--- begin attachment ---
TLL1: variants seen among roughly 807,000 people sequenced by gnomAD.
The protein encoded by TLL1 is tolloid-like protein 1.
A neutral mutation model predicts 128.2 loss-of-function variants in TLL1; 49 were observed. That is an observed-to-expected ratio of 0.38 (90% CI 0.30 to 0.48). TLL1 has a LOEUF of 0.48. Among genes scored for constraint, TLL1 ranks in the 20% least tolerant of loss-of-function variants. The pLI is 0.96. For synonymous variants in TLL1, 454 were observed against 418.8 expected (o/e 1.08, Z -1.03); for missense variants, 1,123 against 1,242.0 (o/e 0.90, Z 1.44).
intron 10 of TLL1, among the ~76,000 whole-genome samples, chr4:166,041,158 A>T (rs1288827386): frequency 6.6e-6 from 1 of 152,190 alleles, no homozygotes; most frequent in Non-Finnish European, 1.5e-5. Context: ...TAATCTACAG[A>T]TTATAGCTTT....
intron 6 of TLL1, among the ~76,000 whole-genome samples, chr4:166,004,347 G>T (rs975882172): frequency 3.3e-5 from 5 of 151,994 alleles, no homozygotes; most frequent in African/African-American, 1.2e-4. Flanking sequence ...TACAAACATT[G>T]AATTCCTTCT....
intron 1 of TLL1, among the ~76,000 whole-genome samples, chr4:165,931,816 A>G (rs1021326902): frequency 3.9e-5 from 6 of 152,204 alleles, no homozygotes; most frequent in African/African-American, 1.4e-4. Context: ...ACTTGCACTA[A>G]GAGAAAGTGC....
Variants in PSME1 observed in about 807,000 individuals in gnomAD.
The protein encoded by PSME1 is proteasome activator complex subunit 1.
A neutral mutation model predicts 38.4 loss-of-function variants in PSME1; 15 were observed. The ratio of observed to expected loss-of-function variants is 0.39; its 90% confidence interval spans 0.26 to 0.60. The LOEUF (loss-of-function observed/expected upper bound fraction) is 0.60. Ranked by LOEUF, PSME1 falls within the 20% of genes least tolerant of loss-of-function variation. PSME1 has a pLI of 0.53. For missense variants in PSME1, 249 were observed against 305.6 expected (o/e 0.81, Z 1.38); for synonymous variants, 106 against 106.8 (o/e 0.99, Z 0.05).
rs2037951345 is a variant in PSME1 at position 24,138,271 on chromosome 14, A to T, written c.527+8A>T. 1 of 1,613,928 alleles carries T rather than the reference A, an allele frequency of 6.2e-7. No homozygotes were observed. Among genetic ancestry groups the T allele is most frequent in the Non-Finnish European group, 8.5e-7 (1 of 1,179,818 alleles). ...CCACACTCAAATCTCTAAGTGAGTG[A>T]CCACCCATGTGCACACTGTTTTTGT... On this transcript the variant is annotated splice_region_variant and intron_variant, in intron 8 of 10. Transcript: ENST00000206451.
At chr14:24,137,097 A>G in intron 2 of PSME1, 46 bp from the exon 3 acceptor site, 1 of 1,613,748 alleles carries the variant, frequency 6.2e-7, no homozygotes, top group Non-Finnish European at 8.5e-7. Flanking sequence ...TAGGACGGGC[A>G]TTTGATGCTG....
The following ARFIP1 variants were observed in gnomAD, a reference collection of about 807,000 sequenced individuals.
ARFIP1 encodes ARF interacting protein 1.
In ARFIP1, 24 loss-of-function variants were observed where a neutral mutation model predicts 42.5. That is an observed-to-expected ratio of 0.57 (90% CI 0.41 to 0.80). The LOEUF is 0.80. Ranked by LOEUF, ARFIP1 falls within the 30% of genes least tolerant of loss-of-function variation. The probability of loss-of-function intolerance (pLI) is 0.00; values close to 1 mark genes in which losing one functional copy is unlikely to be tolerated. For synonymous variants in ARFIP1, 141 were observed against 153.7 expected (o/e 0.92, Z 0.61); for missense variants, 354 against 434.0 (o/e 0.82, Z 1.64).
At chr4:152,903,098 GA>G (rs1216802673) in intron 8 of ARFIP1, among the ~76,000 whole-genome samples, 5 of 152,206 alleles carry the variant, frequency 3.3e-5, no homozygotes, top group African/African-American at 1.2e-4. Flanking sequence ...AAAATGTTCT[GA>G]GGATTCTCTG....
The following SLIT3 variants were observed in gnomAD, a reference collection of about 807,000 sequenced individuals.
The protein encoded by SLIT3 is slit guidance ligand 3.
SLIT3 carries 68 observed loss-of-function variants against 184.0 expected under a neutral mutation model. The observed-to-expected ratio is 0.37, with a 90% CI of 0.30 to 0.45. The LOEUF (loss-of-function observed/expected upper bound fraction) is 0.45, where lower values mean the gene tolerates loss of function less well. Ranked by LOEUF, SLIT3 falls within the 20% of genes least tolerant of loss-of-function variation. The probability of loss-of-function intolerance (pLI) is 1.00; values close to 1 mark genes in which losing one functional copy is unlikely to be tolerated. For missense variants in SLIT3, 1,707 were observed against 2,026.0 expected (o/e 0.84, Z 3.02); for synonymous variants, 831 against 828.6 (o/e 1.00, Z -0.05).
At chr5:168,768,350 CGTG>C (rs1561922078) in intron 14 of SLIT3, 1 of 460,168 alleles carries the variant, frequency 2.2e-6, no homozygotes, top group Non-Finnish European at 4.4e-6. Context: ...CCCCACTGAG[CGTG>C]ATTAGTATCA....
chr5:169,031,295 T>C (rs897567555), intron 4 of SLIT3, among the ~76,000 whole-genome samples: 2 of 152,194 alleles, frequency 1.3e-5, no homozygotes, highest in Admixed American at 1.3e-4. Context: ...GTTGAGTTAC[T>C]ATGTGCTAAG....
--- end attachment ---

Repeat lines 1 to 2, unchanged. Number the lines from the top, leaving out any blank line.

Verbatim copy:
TLL1: variants seen among roughly 807,000 people sequenced by gnomAD.
The protein encoded by TLL1 is tolloid-like protein 1.